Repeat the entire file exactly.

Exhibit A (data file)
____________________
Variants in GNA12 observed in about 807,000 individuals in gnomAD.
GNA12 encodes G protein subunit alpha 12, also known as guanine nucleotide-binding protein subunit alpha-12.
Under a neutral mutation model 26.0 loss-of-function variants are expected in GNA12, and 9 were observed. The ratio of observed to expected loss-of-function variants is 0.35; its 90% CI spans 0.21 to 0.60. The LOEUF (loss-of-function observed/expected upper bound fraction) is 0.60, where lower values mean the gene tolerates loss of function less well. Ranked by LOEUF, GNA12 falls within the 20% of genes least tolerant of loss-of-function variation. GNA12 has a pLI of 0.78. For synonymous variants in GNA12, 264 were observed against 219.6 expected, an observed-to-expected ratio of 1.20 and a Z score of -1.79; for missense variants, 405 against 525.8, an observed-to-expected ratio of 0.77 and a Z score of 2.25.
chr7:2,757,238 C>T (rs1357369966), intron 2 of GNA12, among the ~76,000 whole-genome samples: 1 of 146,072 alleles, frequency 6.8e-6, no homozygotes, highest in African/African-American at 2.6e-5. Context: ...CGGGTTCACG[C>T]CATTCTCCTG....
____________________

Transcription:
Variants in GNA12 observed in about 807,000 individuals in gnomAD.
GNA12 encodes G protein subunit alpha 12, also known as guanine nucleotide-binding protein subunit alpha-12.
Under a neutral mutation model 26.0 loss-of-function variants are expected in GNA12, and 9 were observed. The ratio of observed to expected loss-of-function variants is 0.35; its 90% CI spans 0.21 to 0.60. The LOEUF (loss-of-function observed/expected upper bound fraction) is 0.60, where lower values mean the gene tolerates loss of function less well. Ranked by LOEUF, GNA12 falls within the 20% of genes least tolerant of loss-of-function variation. GNA12 has a pLI of 0.78. For synonymous variants in GNA12, 264 were observed against 219.6 expected, an observed-to-expected ratio of 1.20 and a Z score of -1.79; for missense variants, 405 against 525.8, an observed-to-expected ratio of 0.77 and a Z score of 2.25.
chr7:2,757,238 C>T (rs1357369966), intron 2 of GNA12, among the ~76,000 whole-genome samples: 1 of 146,072 alleles, frequency 6.8e-6, no homozygotes, highest in African/African-American at 2.6e-5. Context: ...CGGGTTCACG[C>T]CATTCTCCTG....